borrower must agree to vacate the property by a date certain, leave the property in broom clean
condition and deliver clear, marketable title.
Typically, servicers require that the borrower make a good faith effort to list and market the
property before the servicer will agree to accept a DIL. Under circumstances acceptable to the
investor, servicers may agree to accept a DIL without requiring a marketing period. In either
circumstance, the transaction will be eligible for incentives as described in the Incentive
Compensation section of this Supplemental Directive if the borrower meets the HAFA eligibility
SSA. The SSA contains optional DIL language that may be included or deleted by the servicer
prior to execution of the SSA. If the DIL language is included, the investor is obligated to accept
a DIL in accordance with the terms of the SSA if the term of the SSA expires without resulting
in a sale of the property. If the servicer offers the DIL option separately from the SSA or without
a marketing period, the servicer must provide the Deed-in-Lieu Agreement form (“DIL
Agreement”), attached as Exhibit C.
DIL Terms. The following terms apply to a HAFA DIL:
Marketable Title. The borrower must be able to convey clear, marketable title to the
servicer or investor. The requirements for extinguishment of subordinate liens as
described in the Release of Subordinate Liens section of this Supplemental Directive
apply to DIL transactions.
Written Agreement. The conditions for acceptance of a DIL must be in writing and
signed by both the servicer and borrower. They may be set forth in the SSA if approved
with the short sale, or in the DIL Agreement.
Vacancy Date. The SSA or DIL Agreement must specify the date by which the borrower
must vacate the property, which in no event shall be less than 30 calendar days from the
date of the termination date of the SSA or the date of a separate DIL Agreement, unless
the borrower voluntarily agrees to an earlier date.
Relocation Assistance. Borrowers who participate in a HAFA DIL transaction are
eligible for $1,500 in relocation assistance as described in the Incentive Compensation
section of this Supplemental Directive.
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General Terms and Conditions
Suspension of Foreclosure Sales. At the servicer’s discretion, the servicer may initiate
foreclosure or continue with an existing foreclosure proceeding during the HAFA process, but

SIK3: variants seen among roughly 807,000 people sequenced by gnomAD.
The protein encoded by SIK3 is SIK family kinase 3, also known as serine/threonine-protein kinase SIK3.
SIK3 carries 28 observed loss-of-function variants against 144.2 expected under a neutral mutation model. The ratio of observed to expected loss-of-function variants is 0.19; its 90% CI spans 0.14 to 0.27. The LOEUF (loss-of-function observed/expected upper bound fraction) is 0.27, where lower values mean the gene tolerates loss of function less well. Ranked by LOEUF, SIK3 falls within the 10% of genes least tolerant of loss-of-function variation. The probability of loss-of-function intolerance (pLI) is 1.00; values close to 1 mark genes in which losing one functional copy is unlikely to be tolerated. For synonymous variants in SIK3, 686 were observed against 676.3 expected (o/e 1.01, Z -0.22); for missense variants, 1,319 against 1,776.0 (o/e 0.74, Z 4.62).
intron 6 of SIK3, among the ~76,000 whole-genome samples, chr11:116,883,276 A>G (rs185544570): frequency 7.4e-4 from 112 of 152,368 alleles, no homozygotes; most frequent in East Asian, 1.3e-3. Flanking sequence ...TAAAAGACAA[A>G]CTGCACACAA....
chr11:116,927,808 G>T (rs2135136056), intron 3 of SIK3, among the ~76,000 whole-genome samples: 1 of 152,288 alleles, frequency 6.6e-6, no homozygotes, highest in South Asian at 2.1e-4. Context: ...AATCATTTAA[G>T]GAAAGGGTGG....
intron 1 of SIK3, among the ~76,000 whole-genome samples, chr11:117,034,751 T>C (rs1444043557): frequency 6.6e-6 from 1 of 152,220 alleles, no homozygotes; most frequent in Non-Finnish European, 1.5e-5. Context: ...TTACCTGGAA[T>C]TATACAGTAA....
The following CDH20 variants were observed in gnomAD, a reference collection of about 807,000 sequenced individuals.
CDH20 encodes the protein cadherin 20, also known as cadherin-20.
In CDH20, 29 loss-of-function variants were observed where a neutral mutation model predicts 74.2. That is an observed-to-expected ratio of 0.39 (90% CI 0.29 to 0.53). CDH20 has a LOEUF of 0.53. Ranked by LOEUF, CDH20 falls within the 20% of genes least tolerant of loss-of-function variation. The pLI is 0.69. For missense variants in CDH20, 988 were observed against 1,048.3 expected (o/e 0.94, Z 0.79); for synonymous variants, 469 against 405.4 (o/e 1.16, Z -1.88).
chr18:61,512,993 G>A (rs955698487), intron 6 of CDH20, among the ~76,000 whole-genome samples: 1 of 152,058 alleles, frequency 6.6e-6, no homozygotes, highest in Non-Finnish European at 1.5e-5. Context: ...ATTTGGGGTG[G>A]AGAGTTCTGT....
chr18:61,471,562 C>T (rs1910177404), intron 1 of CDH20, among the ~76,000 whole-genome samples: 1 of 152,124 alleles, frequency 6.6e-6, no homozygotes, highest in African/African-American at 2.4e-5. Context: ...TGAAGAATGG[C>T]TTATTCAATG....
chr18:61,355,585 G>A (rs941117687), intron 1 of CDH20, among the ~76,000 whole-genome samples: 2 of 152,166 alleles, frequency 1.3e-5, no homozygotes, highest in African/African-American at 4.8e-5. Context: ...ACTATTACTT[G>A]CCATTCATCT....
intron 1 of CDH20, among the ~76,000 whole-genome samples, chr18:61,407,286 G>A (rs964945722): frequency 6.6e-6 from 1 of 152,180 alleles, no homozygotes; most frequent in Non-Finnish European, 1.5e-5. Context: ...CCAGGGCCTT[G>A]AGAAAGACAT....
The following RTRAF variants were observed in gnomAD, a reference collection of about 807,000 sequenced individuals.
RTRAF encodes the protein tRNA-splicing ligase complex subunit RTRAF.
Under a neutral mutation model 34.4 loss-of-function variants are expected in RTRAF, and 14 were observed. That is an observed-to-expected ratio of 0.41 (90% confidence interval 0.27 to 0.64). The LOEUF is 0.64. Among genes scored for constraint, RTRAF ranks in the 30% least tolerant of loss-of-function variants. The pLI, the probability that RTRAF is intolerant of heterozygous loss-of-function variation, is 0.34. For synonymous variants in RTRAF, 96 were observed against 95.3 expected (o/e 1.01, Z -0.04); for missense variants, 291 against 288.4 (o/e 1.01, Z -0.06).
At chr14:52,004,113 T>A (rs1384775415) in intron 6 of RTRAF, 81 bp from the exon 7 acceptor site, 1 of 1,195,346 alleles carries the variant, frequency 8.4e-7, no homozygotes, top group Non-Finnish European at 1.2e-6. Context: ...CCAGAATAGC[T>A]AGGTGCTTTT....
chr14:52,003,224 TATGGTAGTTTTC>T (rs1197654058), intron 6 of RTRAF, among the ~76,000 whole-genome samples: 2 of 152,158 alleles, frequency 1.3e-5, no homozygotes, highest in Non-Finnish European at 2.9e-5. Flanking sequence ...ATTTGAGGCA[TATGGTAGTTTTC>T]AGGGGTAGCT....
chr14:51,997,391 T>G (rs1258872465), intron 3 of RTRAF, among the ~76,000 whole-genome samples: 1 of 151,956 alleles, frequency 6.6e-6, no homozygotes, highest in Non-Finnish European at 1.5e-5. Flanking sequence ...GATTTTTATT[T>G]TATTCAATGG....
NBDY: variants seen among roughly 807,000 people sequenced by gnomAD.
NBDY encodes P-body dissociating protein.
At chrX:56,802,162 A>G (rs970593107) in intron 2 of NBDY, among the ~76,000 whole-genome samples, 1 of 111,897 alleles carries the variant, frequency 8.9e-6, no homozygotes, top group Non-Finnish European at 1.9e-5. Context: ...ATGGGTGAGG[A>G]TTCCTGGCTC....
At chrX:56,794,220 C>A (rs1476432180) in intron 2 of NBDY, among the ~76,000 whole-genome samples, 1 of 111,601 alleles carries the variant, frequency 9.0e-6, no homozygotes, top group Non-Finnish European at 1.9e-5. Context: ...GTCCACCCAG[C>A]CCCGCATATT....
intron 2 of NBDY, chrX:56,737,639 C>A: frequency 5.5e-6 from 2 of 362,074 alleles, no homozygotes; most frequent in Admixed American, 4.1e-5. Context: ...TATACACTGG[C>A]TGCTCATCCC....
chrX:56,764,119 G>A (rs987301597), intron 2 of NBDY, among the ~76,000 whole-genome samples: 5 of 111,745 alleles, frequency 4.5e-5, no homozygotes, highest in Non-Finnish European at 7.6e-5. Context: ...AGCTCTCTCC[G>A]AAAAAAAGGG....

may not complete a foreclosure sale:
While determining the borrower’s eligibility and qualification for HAMP or HAFA.
While awaiting the timely return of a fully executed SSA.
During the term of a fully executed SSA.
Pending transfer of property ownership based on an approved sales contract per the
RASS or Alternative RASS.
Pending transfer of property ownership via a DIL by the date specified in the SSA or DIL
Payment Forbearance. The servicer will identify in the SSA, Alternative RASS or DIL
Agreement the amount of the monthly mortgage payment, if any, that the borrower is required to
make during the term of the applicable agreement and pending transfer of property ownership, as
applicable. In no event may the amount of the borrower’s monthly payment exceed the
equivalent of 31% of the borrower’s gross monthly income. Servicers must develop a written
policy in accordance with investor requirements that identifies the circumstances under which
they will require monthly payments and how that payment will be determined. Any requirement
for the borrower to make monthly payments must be in accordance with applicable laws, rules
Release of Subordinate Liens. It is the responsibility of the borrower to deliver clear
marketable title to the purchaser or investor and to work with the listing broker, settlement agent
and/or lien holders to clear title impediments. The servicer may, but is not required to, negotiate
with subordinate lien holders on behalf of the borrower. The servicer, on behalf of the investor,